I painted a lot while writing too, mixing the colors and moving the paint helped get out the parts of the story that didn’t neatly fit into words. I wrote better when I was painting. That’s one of my paintings on the cover.
Like a lot of things in life: we anticipate and prepare, sure we know what’s true, what we’re protecting ourselves from, then there’s a tremor, a hint of something just outside our line of sight. No one really knows what’s next. It’s a vulnerability that -- until just a few months ago -- many of us could successfully tuck away and often ignore. As a young mother, I struggled to control more than was actually possible. My hope was that if I navigated exactly right and checked the correct boxes my kids would be okay – then I could be okay. I thought I had a profound faith. But I still thought faith was something I had, like a AAA card. It was a hedge against the limitations of my self-will.
There was this illusion that I could shape the circumstances of my life if I had enough faith or the right kind. Maybe the tumor would go away. I gripped so tightly because I was holding out for a miracle I could recognize. What I got was grace that paints in the abstract. The paint by numbers landscape of my life turned into a Jackson Pollock masterpiece. Miracles hidden in the messiness of the experience. Turns out prayer isn’t about controlling my circumstances. It’s about accessing strength and love, bolder and more magnificent than my limited creativity would’ve allowed.
I had to stop putting limits on God, and concede that, on this side of the sky, I am not going to understand why painful, awful things happen. But I can start to notice how I’m cared for in impossible situations.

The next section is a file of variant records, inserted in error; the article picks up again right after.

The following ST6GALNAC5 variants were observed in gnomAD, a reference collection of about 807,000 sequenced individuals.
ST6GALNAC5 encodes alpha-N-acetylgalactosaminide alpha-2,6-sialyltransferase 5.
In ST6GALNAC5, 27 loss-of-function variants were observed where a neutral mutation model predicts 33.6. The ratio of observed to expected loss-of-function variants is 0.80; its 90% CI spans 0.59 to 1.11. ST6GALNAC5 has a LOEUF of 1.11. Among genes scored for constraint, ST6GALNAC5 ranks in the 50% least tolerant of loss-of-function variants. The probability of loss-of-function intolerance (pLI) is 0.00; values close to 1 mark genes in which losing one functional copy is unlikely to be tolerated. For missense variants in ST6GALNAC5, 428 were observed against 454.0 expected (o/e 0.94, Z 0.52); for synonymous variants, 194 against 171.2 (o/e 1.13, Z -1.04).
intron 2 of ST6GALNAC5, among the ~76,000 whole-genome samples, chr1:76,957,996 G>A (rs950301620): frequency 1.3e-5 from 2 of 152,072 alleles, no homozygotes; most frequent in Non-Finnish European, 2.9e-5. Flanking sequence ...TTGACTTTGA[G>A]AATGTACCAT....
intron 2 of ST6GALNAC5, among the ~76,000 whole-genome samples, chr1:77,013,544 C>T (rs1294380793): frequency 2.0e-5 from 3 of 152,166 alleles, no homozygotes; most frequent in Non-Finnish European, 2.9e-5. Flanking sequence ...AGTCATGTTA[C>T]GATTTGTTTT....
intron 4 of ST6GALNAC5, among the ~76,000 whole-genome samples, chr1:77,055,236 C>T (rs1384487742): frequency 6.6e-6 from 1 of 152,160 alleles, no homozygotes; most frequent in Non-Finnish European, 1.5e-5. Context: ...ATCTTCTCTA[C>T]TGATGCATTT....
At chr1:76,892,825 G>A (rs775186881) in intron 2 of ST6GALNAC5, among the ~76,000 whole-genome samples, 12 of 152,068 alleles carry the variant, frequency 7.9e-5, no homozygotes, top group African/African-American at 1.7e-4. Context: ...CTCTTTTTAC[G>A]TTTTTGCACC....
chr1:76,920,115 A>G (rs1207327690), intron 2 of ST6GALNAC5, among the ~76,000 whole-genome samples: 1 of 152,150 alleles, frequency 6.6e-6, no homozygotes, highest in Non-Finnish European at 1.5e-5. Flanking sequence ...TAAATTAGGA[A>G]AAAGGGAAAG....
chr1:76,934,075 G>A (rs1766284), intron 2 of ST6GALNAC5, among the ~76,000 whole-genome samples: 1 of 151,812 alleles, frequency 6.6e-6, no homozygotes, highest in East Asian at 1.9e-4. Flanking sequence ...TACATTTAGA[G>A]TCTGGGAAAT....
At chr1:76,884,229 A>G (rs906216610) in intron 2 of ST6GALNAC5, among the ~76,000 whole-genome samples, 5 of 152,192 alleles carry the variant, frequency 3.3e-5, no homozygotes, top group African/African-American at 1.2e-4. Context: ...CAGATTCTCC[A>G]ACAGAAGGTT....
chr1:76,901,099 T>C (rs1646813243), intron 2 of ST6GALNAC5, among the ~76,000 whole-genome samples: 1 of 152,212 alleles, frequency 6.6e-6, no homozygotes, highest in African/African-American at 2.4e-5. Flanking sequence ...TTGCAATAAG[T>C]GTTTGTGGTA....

One of the things I love best in the world is that people who are loving sharing their loving friends with the people they love, which is what Annie Lamott did for me by introducing us. I believe this is something we should all pay forward, don’t you?
You were one of the first outside of my closest family and friends to read the finished book. I cried when I received your email. You got it. You shared your story with me. That’s meaning, truth and connection. It’s what I long for in this world where I can still feel isolated despite social media and Zoom gatherings. It’s that, “I see you.” Every day it’s up to me to offer that to someone else, especially people - like us – who are moved to share their vulnerabilities. It’s something I can do when circumstances inside and outside of my house are overwhelming. I might not have the power to change the big picture, but I can practice being present for others, and do what I can to help someone else.
I was moved by the story of your marriage, how it became weathered by impending tragedy, and in a way tenderized by it, too, giving it more substance. There is one place where Annie says, “Don’t worry, I’m not going to say something hostile like God doesn’t give you more than you can handle.” We are always given things we cannot handle, but do you think handling them is the point?